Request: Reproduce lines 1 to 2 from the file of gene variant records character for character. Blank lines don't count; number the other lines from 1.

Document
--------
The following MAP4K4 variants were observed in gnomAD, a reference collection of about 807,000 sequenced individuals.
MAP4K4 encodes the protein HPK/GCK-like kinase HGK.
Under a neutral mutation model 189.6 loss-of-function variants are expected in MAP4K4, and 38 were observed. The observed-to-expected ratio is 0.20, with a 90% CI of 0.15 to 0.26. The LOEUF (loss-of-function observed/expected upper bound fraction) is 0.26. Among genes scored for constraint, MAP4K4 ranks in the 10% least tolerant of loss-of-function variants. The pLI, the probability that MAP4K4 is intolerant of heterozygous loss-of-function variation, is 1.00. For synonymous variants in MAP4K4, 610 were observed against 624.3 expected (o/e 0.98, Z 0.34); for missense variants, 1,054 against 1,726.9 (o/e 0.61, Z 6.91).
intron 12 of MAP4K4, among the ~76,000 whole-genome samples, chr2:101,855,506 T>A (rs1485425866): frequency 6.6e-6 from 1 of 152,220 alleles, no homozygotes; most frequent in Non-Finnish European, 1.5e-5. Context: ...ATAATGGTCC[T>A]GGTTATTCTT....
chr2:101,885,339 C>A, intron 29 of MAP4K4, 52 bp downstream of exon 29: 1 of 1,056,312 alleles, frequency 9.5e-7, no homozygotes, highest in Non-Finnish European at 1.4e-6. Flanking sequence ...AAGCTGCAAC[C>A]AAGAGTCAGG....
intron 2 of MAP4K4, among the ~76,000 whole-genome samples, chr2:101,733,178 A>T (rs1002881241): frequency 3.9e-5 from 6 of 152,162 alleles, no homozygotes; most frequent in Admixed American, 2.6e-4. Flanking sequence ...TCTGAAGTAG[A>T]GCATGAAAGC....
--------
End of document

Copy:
The following MAP4K4 variants were observed in gnomAD, a reference collection of about 807,000 sequenced individuals.
MAP4K4 encodes the protein HPK/GCK-like kinase HGK.